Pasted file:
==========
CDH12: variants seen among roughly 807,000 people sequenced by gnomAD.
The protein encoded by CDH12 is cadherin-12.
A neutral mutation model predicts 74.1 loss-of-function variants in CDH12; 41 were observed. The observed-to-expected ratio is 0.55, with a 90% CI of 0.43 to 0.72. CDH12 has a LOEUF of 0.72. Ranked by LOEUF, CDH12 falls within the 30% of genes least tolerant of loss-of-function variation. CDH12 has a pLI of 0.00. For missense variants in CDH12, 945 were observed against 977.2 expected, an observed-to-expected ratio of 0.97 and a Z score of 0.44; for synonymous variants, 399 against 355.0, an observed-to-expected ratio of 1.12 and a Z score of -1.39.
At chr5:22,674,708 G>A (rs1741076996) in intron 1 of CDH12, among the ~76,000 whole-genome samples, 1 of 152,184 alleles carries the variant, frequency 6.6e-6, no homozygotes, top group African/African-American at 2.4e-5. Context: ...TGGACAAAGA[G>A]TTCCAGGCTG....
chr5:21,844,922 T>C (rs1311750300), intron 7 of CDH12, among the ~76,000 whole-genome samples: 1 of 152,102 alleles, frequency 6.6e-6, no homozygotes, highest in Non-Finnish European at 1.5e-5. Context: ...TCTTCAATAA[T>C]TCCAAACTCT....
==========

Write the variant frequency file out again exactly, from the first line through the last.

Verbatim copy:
CDH12: variants seen among roughly 807,000 people sequenced by gnomAD.
The protein encoded by CDH12 is cadherin-12.
A neutral mutation model predicts 74.1 loss-of-function variants in CDH12; 41 were observed. The observed-to-expected ratio is 0.55, with a 90% CI of 0.43 to 0.72. CDH12 has a LOEUF of 0.72. Ranked by LOEUF, CDH12 falls within the 30% of genes least tolerant of loss-of-function variation. CDH12 has a pLI of 0.00. For missense variants in CDH12, 945 were observed against 977.2 expected, an observed-to-expected ratio of 0.97 and a Z score of 0.44; for synonymous variants, 399 against 355.0, an observed-to-expected ratio of 1.12 and a Z score of -1.39.
At chr5:22,674,708 G>A (rs1741076996) in intron 1 of CDH12, among the ~76,000 whole-genome samples, 1 of 152,184 alleles carries the variant, frequency 6.6e-6, no homozygotes, top group African/African-American at 2.4e-5. Context: ...TGGACAAAGA[G>A]TTCCAGGCTG....
chr5:21,844,922 T>C (rs1311750300), intron 7 of CDH12, among the ~76,000 whole-genome samples: 1 of 152,102 alleles, frequency 6.6e-6, no homozygotes, highest in Non-Finnish European at 1.5e-5. Context: ...TCTTCAATAA[T>C]TCCAAACTCT....